When someone asks what your favorite food is, I think there are three factors that should be considered:
1) high frequency and intensity of craving for said dish
2) sentimental/memory attachments
3) strong desire to make everyone you care about eat it
So given these self-made qualifications, my favorite food is okonomiyaki.
Okonomiyaki roughly translates to “cook/grill it the way you like,” and it’s pretty much a Japanese savory pancake whose basic ingredients are cabbage, flour, water, and egg, topped with various garnishes: red pickled ginger (“benishoga”), seaweed flakes (“aonori”), shaved bonito (“katsuobushi”), mayo, and okonomiyaki sauce (pretty much sweet soy sauce). These garnishes are pretty standard across Japan, but the ingredients you put inside it AND the way you cook it varies by the region. You can make it vegetarian but it’s standard to put pork, shrimp, scallops, clam, etc. in it.
You can of course search for your own recipe, but here’s my rough one below which I typed up following a potluck. I eyeball most of the ingredients and steps but I tried to describe it as best as I could.
Ingredients (Serves 4)
- Cabbage, chopped into about 1 inch pieces (3 cups or about 5 leaves depending on the size of the cabbage)
- Green onions, chopped small (1/2 cup or about 4 stalks)
- Flour (1 cup)
- Baking powder (1/2 teaspoon)
- Eggs (2)
- Water, with veggie/chicken stalk stirred in (3/4 cup)
- Protein (pick 1~3)
* Grated mozzarella (1/2 cup)
* Meat: thinly sliced pork, chicken, or some other animal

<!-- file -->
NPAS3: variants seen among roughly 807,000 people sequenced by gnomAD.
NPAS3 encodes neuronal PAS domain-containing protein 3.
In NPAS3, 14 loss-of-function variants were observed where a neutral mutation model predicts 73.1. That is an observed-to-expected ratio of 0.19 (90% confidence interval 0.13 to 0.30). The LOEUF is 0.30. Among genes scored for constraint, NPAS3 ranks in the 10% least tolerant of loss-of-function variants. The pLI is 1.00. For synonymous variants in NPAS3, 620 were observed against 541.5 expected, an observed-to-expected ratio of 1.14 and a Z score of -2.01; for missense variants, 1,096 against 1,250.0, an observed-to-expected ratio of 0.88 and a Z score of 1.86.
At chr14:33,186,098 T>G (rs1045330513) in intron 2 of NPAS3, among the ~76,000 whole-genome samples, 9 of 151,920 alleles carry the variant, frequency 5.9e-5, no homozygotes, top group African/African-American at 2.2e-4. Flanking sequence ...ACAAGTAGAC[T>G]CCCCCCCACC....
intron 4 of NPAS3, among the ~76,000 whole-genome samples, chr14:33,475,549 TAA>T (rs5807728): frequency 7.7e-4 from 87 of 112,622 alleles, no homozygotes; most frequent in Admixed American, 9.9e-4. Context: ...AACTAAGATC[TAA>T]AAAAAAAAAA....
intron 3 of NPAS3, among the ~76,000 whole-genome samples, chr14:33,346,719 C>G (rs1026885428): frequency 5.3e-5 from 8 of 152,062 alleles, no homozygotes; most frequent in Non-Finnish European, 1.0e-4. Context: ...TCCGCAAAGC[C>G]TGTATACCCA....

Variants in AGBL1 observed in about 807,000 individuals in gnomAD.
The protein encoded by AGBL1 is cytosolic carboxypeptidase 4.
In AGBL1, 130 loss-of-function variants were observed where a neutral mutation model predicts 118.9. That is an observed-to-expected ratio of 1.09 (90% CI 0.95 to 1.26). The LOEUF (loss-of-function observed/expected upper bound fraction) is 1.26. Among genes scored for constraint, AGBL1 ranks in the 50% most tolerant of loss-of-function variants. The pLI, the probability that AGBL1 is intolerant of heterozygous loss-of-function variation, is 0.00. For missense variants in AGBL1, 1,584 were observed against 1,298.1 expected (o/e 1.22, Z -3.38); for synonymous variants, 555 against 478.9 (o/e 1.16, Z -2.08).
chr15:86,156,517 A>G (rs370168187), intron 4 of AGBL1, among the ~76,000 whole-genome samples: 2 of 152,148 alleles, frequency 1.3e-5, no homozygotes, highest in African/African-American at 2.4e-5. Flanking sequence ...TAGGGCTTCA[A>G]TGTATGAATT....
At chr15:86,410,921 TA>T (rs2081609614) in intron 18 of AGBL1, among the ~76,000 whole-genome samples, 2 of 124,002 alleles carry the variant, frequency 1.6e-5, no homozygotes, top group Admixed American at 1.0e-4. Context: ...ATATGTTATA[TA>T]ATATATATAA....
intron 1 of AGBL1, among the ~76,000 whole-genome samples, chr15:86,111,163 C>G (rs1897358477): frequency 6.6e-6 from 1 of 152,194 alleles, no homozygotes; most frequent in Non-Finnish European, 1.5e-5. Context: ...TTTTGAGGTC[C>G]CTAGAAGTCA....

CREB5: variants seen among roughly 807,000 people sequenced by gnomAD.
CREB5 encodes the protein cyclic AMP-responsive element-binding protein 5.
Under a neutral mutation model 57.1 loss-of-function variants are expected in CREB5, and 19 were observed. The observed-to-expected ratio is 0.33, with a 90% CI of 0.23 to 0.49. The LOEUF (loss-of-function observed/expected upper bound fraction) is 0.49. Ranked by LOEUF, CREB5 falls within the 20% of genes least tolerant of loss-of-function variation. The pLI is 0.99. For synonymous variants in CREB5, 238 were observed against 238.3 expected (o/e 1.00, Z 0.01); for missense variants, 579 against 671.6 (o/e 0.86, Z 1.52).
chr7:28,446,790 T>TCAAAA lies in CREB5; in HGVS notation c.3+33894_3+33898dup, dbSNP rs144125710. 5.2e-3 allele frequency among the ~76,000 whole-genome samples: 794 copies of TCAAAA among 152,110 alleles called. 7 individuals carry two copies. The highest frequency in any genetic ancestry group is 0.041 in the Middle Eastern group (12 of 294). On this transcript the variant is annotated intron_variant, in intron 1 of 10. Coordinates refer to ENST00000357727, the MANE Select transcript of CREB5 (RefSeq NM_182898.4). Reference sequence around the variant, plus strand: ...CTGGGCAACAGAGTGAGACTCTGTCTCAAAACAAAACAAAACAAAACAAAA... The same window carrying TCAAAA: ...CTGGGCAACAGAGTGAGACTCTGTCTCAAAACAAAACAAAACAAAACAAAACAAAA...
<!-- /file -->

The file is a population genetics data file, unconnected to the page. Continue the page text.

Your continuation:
* Seafood: shrimp, squid, scallops (1 in pieces)
- Moyashi sprouts
- Corn (1/2 cup)
- Kimchi (1/4 cup)
- Grated mountain potato (watery slime. so adjust water input accordingly)
…the possibilities are endlesssssss
- Aonori (seeweed flakes)
- Mayo (the one I like is kewpie mayo)
- Okonomiyaki sauce (If you don’t have this, you might be able to substitute with mixing ketchup and soy sauce, or Worcestershire sauce or even A1 sauce and ketchup. Never tried either of these but it could totally work.)
- Beni shoga (red ginger)
- Katsuobushi (shaved bonito flakes)
1) Combine chopped cabbage, chopped green onions, flour, eggs, water, and your proteins and mix.
2) Heat pan to medium. Once heated, oil pan with canola, vegetable, or some other gentle-flavored oil.
3) Scoop batter into the pan, each should be about the same size as a regular pancake.
Some people like to make bigger ones but they’re harder to flip.
4) Cook for about 5~7 min or until the underside starts to brown. While waiting, sprinkle aonori on one side.
5) Flip. Wait another 5 min or so, or until it browns on that side.
6) Serve with mayo (stripe it for cool design), okonomiyaki sauce, beni shoga, and katsuobushi on top.
* If you have leftovers, they can be frozen and are perfect when heated up in a toaster oven.